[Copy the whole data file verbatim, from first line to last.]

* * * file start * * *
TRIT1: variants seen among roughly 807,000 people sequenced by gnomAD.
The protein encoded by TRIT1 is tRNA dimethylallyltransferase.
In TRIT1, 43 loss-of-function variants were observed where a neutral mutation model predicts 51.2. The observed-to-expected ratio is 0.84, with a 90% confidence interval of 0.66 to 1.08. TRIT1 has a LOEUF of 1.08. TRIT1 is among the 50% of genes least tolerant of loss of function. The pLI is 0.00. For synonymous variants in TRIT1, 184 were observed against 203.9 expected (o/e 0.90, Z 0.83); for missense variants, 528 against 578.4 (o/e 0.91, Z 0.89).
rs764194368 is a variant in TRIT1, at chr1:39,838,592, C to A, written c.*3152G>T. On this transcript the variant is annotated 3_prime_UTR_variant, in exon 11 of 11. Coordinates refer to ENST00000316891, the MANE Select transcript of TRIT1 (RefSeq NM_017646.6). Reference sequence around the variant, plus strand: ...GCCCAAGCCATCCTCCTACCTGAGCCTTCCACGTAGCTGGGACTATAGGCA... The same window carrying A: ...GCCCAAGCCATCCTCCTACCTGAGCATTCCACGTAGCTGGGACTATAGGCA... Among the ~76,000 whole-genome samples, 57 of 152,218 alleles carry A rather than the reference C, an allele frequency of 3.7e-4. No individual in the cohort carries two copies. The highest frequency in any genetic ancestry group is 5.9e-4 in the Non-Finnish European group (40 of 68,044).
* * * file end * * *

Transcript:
TRIT1: variants seen among roughly 807,000 people sequenced by gnomAD.
The protein encoded by TRIT1 is tRNA dimethylallyltransferase.
In TRIT1, 43 loss-of-function variants were observed where a neutral mutation model predicts 51.2. The observed-to-expected ratio is 0.84, with a 90% confidence interval of 0.66 to 1.08. TRIT1 has a LOEUF of 1.08. TRIT1 is among the 50% of genes least tolerant of loss of function. The pLI is 0.00. For synonymous variants in TRIT1, 184 were observed against 203.9 expected (o/e 0.90, Z 0.83); for missense variants, 528 against 578.4 (o/e 0.91, Z 0.89).
rs764194368 is a variant in TRIT1, at chr1:39,838,592, C to A, written c.*3152G>T. On this transcript the variant is annotated 3_prime_UTR_variant, in exon 11 of 11. Coordinates refer to ENST00000316891, the MANE Select transcript of TRIT1 (RefSeq NM_017646.6). Reference sequence around the variant, plus strand: ...GCCCAAGCCATCCTCCTACCTGAGCCTTCCACGTAGCTGGGACTATAGGCA... The same window carrying A: ...GCCCAAGCCATCCTCCTACCTGAGCATTCCACGTAGCTGGGACTATAGGCA... Among the ~76,000 whole-genome samples, 57 of 152,218 alleles carry A rather than the reference C, an allele frequency of 3.7e-4. No individual in the cohort carries two copies. The highest frequency in any genetic ancestry group is 5.9e-4 in the Non-Finnish European group (40 of 68,044).